If you happen to be a newspaper publisher today, your world is anything but pretty. That, at least, would seem to be the takeaway from the semi-annual report issued this week by the Audit Bureau of Circulations on newspaper circulation numbers.
There weren't many exceptions to the slipping -- or plummeting in some cases -- readership of U.S. metropolitan newspapers when the six-month results were disclosed. While total circulation dropped by 2.1%, Belo's (NYSE: BLC ) Dallas Morning News was whacked by a 14.2% lower daily number and a 13.3% reduction on Sunday. And for every Atlanta Journal-Constitution, whose readership base slipped by 2% daily, or close to the average, there was a paper like McClatchy's (NYSE: MNI ) Miami Herald, which outdid the typical decline with a 5.5% drop during the week and a 10.1% decrease on Sunday.
I could go on, giving you a bevy of lower rates, including Washington Post's (NYSE: WPO ) lead newspaper of the same name having shed 3.4% of daily readers and 3.2% on Sunday, or Tribune's (NYSE: TRB ) Los Angeles Times taking a 4.2% hit on weekdays and losing 4.7% of its Sunday circulation, and I must point out that there were papers that bucked the trend. News Corp.'s (NYSE: NWS ) New York Post actually added 7.6% to weekday circulation, along with 6.5% on Sundays. But for the vast majority of papers, the slide appears to be unstoppable.
That's the sobering part, because the most recent numbers, as severe as they were, occurred against comps that had been eased by past declines. The Internet is somewhat justifiably blamed for Americans' rejection of the daily newspaper, but in reality we're simply witnessing a technology-based intensification of a trend that began a half-century ago, when the readership of papers reached its zenith. On that basis, there's no clear end in site.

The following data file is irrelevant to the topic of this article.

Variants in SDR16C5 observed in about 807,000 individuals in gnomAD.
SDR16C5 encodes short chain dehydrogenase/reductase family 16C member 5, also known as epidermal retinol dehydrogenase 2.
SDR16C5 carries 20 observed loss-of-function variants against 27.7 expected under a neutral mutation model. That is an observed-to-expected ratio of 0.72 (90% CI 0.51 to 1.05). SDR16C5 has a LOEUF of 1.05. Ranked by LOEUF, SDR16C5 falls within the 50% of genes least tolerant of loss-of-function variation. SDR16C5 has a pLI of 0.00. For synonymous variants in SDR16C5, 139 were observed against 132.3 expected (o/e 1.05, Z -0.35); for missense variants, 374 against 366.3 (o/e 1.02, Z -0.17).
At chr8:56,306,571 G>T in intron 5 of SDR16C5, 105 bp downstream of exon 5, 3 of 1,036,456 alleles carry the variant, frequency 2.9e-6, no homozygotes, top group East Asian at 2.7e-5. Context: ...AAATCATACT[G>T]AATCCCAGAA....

And while there'll always be newspapers, the publishers' efforts to compensate for the plight of their printed papers by growing their websites as news providers may be a little like cats trying to scurry up Tennessee Williams' proverbial hot tin roof: Their efforts to get traction are commendable, but the likelihood that they'll get over the top also is questionable.
So Fools, I'd strongly suggest that you avoid even thinking about acquiring shares of companies whose stock in trade is newspaper publishing. There are far better places, even in media, to place your bets.
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Fool contributor David Lee Smith does not own shares in any of the companies mentioned. He welcomes your questions or comments. The Fool has a disclosure policy.